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Wine and turkey for your budget

Floral charm: Barrels of Fleurie red wine at Drouhin (Photograph supplied)

I am going to suggest three wines for those of us (many I would suspect) who are being careful with expenses, and three for others that are not as concerned. Some are now saying that the correct pairing of food with wine is a myth, but I am rather old school and still pay attention to this.

For instance, I believe that the fats in red meats are softened by tannins found in red wines and this releases the flavours in the meat. I also think that oils in fish tend to give a metallic taste due to their reaction with red wine tannins.

Turkey … well, that is a different matter as this big bird is happy with many pairings.

The first group of three wines are all in their twenties cost-wise. There are ten crus in the Beaujolais appellation, each one is quite different from the other and I like to refer to them all as “super Beaujolais” as their quality is the highest. Fleurie is known for its floral charm, fleur is French for flower.

The 2020 Drouhin Fleurie possesses great charm and delicacy, with its luminous raspberry colour, aromas of lilac, violet and gooseberry. Very supple and silky in the mouth, it leaves a beautiful impression of fine aromas. It is the most delicate of the Beaujolais crus. The 2020 is a very attractive vintage which offers wines with deep and intense colours. Both the nose and mouth develop aromas reminiscent of black fruits such as blackberry and cherry, deliciously mingling with liquorice and spices. The soft and friendly nature of this makes it ideal with turkey. $27.50 (Stock #8173).

If you are a ‘light meat equals white wine’ person, then you cannot do better than to open a bottle of New World chardonnay. The 2020J Lohr Riverstone Chardonnay from Monterey in California’s rugged central coast, has the distinction of taking 48th place in this years’ top 100 best buys on the list published by the Wine Enthusiast magazine. They rated it 90/100 and wrote, “light aromas of lemon, honey, nectarine and crushed white rock lead into a palate of baked apple and lemon juice, all framed by a chalky structure”. It is certainly no stranger to our home. $25.50 (Stock #7988).

If you are feeling adventuresome you may like to practice pronouncing viognier (vee-ohn-yea) and buy a bottle of 2020M Chapoutier “La Combe Pilate” Viognier. This wine from Rhone grapes is one of the best matches with its stone-fruit flavours and undertones of honey and flowers. Parker’s Wine Advocate rates it 90-92/100 and opines, “from decomposed granite soils near Michel Chapoutier’s private residence. It boasts lovely florals and beguiling apricot notes. This 2020 will not break the bank and its concentration and length make it one of the best yet”. $27 (Stock #9438). Organic.

Now we notch it up with 2017Ramey Russian River Valley Pinot Noir that rates 92 – 94/100 with the Wine Advocate and this, “the 2017Pinot Noir Russian River Valley is made using about 25 per cent whole-cluster fermentation – the first time, David Ramey says, that they have experimented with whole cluster. Pale to medium ruby-purple in colour, it has a gregarious, youthful nose with tangerine peel, soft baking spices, forest floor and a wicked vein of floral nuance with warm red and black fruits at the core. The palate gives good concentration of spicy fruit, with grainy tannins and juicy acidity, finishing long and spicy”.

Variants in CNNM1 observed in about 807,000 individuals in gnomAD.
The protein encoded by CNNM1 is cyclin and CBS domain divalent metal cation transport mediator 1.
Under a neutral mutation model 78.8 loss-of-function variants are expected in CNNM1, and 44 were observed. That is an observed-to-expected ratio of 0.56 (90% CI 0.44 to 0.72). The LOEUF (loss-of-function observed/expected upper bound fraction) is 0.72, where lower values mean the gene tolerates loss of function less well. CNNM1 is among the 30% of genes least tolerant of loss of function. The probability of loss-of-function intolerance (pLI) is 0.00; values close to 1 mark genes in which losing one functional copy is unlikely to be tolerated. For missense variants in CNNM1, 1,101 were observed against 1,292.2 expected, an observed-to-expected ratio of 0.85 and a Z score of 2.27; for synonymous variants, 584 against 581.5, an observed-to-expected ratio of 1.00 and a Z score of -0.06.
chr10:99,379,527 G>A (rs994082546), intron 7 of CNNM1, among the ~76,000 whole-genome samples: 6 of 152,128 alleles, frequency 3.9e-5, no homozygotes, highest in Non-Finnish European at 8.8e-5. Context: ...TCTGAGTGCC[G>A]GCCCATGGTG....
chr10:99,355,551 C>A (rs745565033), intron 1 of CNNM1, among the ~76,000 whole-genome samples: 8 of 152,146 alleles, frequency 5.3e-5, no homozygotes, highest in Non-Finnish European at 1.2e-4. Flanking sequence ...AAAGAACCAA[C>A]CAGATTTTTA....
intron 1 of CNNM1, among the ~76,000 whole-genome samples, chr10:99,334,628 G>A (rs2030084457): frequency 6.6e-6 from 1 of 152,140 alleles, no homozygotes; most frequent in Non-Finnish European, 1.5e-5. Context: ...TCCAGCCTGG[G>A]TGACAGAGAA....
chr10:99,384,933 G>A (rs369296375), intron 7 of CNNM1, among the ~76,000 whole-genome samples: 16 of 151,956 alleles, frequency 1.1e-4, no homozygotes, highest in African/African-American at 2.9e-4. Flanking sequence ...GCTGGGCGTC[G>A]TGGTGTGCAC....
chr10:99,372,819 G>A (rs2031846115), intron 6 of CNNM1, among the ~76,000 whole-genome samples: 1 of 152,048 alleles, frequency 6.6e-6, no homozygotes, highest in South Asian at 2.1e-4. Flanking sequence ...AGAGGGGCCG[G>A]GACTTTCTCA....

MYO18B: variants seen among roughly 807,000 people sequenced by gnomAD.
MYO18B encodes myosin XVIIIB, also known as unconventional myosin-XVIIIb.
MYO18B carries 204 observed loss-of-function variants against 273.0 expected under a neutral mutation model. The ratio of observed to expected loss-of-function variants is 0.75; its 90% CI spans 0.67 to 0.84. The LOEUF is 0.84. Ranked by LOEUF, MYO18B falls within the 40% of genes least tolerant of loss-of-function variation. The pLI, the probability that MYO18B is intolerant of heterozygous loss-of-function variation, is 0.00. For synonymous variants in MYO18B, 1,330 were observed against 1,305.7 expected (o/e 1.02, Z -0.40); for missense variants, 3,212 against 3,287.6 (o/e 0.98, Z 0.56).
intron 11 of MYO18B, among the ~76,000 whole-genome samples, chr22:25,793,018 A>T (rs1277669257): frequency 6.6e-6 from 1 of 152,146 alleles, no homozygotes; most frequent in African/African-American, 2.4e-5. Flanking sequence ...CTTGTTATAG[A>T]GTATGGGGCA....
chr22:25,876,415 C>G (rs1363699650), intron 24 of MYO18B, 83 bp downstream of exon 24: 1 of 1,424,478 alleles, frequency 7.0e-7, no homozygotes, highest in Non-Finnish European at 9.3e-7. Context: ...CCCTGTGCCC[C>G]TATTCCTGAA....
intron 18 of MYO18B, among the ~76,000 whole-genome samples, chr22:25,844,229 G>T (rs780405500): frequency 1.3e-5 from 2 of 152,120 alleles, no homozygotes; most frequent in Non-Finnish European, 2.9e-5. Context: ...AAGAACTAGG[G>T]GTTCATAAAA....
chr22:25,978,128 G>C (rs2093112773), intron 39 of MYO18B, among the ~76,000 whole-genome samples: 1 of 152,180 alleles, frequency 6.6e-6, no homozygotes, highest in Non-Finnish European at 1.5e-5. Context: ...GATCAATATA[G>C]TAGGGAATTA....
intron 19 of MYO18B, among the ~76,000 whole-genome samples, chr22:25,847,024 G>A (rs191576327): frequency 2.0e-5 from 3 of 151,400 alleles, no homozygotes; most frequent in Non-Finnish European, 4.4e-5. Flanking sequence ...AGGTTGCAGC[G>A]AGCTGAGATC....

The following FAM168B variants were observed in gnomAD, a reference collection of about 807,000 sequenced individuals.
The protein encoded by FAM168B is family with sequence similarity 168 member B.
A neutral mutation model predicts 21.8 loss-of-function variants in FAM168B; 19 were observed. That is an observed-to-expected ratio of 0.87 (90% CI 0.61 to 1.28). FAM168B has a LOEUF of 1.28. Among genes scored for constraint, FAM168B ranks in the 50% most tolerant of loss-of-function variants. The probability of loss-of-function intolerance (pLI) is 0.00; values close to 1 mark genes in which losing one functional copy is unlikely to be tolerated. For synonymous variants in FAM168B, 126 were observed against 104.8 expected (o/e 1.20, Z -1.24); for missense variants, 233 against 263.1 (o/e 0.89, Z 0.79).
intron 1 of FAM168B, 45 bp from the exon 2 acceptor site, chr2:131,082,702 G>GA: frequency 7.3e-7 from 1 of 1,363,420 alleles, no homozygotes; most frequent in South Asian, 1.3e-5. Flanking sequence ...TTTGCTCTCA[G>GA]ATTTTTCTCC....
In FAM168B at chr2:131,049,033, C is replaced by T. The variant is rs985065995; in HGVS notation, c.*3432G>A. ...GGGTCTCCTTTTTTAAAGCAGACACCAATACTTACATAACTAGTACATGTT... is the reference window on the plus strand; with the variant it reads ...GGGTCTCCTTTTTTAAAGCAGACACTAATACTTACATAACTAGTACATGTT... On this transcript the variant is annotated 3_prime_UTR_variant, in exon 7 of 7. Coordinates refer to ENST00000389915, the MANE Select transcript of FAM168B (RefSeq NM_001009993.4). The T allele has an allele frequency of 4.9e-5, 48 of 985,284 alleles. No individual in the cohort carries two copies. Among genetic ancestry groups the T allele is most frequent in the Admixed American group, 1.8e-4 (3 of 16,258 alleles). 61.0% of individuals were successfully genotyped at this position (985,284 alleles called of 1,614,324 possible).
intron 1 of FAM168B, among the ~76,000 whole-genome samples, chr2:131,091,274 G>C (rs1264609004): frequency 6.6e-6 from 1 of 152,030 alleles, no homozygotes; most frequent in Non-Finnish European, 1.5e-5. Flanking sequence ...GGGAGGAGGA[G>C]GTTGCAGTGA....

Winemakers use this whole bunch cluster method as it can mellow the juice as well as add flavour and structure. Inclusion of the grape stems tends to make a wine that is lighter in colour, but using whole bunches requires checking to see that these stems are also optimally ripe. $60 (Stock #6395).

The first wine that I tasted from Bermudian David Butterfield, wasMeursault and I was so impressed. We actually have a few vintages in stock, but I would like to share information on his 2018 Butterfield Meursault. David’s winery is located near the village of Meursault which is known for its rich and complex chardonnay.

One French review states, “this Meursault is just lovely stuff. Crystalline, pale straw in colour, the wine has rich and vibrant aromas of citrus, rose, and honey with some smokiness. On the palate it is smooth and silky with layers of pure fruit flavours, mineral, and balanced mouth-cleansing acidity. It finishes, as well as starts, with long lingering fruit and buttery notes”.

Here is a cocktail-hour question for your guests. Why do the French call this village “Meursault”, that translates as “mouse’s leap”? The answer is that chardonnay and pinot noir vines grow so close to each other that a mouse can leap from one to another. Well, those Napa Valley folks have stags leaping! $76 (Stock #5811).

On that note let’s move to the 19th century Napa Valley winery that sits right below those two rock outcrops that were leapt across by a giant stag – according to an old indigenous tale of it escaping an Indian hunting party. The 2019Stags’ Leap Winery Viognier is vibrant, aromatic, and lively and showcases classic stone fruit alongside a fragrant floral bouquet. It has refreshing and crisp acidity with nuances of Meyer lemon and honeysuckle followed by flinty minerality and a rich, creamy texture. You will also find white peach, Asian pear, and lychee. Critics Natalie MacLean and the Wine Enthusiast both gave it a 93/100 score. $55.40 (Stock #6332).

• This column is an advertorial for Burrows Lightbourn Ltd. Contact Michael Robinson at mrobinson@bll.bm. Burrows Lightbourn has stores in Hamilton (Front Street East, 295-1554) and Paget (Harbour Road, 236-0355). Visit www.wineonline.bm

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Published December 16, 2022 at 7:54 am (Updated December 16, 2022 at 7:54 am)

Wine and turkey for your budget

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